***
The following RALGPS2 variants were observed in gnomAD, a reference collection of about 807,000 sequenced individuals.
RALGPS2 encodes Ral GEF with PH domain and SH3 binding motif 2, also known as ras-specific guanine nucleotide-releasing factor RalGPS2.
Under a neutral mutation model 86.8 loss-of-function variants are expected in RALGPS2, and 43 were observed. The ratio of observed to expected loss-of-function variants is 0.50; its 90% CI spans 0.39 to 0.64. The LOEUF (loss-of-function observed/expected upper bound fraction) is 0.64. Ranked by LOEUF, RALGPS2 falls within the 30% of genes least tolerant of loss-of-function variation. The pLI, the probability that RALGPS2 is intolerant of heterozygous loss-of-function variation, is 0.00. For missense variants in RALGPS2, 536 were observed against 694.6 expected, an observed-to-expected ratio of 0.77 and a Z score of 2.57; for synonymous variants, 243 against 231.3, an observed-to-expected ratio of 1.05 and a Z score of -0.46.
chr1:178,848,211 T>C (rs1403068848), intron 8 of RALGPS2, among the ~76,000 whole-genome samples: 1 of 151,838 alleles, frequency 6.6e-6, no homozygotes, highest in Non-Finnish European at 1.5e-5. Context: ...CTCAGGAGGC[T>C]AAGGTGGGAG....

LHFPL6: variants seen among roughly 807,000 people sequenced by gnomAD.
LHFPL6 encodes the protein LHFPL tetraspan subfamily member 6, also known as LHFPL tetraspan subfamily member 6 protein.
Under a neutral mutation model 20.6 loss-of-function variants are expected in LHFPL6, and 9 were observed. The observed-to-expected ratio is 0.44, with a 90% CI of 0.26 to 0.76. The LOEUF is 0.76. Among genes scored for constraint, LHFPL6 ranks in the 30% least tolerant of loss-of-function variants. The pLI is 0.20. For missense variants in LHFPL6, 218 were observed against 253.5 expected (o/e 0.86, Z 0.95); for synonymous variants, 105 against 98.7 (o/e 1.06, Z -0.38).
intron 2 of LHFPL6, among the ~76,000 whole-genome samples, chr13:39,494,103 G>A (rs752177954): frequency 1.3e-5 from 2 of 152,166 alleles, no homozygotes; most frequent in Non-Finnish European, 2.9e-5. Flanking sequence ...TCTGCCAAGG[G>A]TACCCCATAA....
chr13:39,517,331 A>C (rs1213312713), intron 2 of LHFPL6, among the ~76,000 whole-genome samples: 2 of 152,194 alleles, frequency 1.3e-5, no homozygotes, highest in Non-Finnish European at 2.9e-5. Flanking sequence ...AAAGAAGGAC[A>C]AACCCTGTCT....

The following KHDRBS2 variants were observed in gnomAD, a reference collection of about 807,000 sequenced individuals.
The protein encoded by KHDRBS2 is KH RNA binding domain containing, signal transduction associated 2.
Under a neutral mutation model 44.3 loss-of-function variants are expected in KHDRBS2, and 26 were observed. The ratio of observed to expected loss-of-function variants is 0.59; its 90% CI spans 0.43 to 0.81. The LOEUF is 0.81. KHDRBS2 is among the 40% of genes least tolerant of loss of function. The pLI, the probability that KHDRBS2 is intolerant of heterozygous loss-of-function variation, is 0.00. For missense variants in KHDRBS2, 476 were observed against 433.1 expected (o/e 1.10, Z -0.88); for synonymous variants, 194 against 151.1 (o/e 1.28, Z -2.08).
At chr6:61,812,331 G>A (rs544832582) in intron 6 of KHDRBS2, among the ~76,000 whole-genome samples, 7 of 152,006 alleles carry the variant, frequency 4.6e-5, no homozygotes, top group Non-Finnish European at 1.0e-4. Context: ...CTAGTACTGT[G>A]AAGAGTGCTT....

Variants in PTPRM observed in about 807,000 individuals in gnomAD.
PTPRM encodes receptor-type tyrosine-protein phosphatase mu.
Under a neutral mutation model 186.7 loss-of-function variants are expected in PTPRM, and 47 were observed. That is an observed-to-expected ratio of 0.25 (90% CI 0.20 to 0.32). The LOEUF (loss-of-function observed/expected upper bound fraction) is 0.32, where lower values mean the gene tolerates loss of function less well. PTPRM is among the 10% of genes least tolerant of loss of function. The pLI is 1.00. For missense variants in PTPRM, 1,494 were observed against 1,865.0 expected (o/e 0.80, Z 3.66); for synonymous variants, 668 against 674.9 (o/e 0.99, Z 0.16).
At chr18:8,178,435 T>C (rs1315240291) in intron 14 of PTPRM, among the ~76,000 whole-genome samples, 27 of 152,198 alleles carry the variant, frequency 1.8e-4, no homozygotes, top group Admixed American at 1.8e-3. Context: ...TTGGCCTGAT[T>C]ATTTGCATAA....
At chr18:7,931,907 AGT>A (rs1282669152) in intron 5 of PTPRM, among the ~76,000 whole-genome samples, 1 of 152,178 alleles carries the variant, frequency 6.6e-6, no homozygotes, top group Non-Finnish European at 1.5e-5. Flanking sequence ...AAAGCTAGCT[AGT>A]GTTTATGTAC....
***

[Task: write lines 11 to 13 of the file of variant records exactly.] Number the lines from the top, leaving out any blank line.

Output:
The protein encoded by KHDRBS2 is KH RNA binding domain containing, signal transduction associated 2.
Under a neutral mutation model 44.3 loss-of-function variants are expected in KHDRBS2, and 26 were observed. The ratio of observed to expected loss-of-function variants is 0.59; its 90% CI spans 0.43 to 0.81. The LOEUF is 0.81. KHDRBS2 is among the 40% of genes least tolerant of loss of function. The pLI, the probability that KHDRBS2 is intolerant of heterozygous loss-of-function variation, is 0.00. For missense variants in KHDRBS2, 476 were observed against 433.1 expected (o/e 1.10, Z -0.88); for synonymous variants, 194 against 151.1 (o/e 1.28, Z -2.08).
At chr6:61,812,331 G>A (rs544832582) in intron 6 of KHDRBS2, among the ~76,000 whole-genome samples, 7 of 152,006 alleles carry the variant, frequency 4.6e-5, no homozygotes, top group Non-Finnish European at 1.0e-4. Context: ...CTAGTACTGT[G>A]AAGAGTGCTT....